By Alexandra Loyo
On August 19, 2021, the Department of Financial Protection and Innovation (DFPI) published notice of the invitation to comment on a second rulemaking under SB 908 (Wieckowski) (Chapter 163, Statutes of 2020), otherwise known as the Debt Collection Licensing Act (DCLA). According to the notice, the DCLA, enacted in September 2020 by the Legislature with an effective date of January 1, 2022, tasks DFPI via its Commissioner to provide for licensure, regulation, and oversight of debt collectors. Debt collectors in California were not required to be licensed before this law.
On June 29, 2021, OAL approved DFPI’s first rulemaking under the DCLA, and he has now initiated a second round of rulemaking by inviting public comment on a range of new issues. During this proposed second rulemaking, the DFPI seeks to focus on three areas for potential rulemaking: the scope of the DCLA, the required annual reports, and the potential increase of bond amounts.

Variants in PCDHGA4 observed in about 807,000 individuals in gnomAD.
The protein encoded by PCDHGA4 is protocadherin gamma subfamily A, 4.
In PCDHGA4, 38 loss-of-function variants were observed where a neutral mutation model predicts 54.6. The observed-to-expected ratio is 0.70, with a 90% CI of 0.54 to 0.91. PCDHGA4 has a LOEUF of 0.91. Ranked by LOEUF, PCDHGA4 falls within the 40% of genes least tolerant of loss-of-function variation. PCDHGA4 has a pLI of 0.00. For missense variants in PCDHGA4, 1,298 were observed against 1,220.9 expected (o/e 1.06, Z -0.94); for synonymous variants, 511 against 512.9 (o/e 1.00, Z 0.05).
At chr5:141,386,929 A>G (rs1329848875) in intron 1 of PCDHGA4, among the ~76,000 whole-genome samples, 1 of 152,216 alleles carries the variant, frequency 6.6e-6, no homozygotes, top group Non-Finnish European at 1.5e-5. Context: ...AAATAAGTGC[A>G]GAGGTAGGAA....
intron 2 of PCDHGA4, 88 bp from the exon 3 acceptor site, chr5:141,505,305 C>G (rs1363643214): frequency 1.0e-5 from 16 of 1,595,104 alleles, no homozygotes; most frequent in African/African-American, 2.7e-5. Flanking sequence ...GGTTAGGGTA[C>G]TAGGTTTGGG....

The Department asked a series of questions to guide the public comments. When looking at the scope of the DCLA, DFPI asked commenters to identify any unclear definitions within Financial Code section 100002, seeking to reconcile some of these terms with the corresponding terms in the Rosenthal Fair Debt Collection Practices Act (Rosenthal Act) and the Fair Debt Buying Practices Act (FDBPA). The Department also inquired about whether further clarification was needed regarding the terms “engage in the business of debt collection,” “in the ordinary course of business,” and the word “regularly.” DFPI also suggested that the term “due or owing” may not be clear in reference to the definition of “debtor.” As a final part of DFPI’s push to explore the scope of the DCLA, it seeks to clarify its authority to enforce the Rosenthal Act and the FDBPA.
DFPI further asked if there should be additional information that the Department should require from licensees in their annual reports. DFPI is also considering rulemaking for higher bond amounts if required by the Financial Code, and how, if DFPI should require higher bond amounts, the amounts should relate to the number of affiliates under the license and the dollar amount of consumer debt collected by the licensee.
Public comment was due to DFPI by October 5, 2021.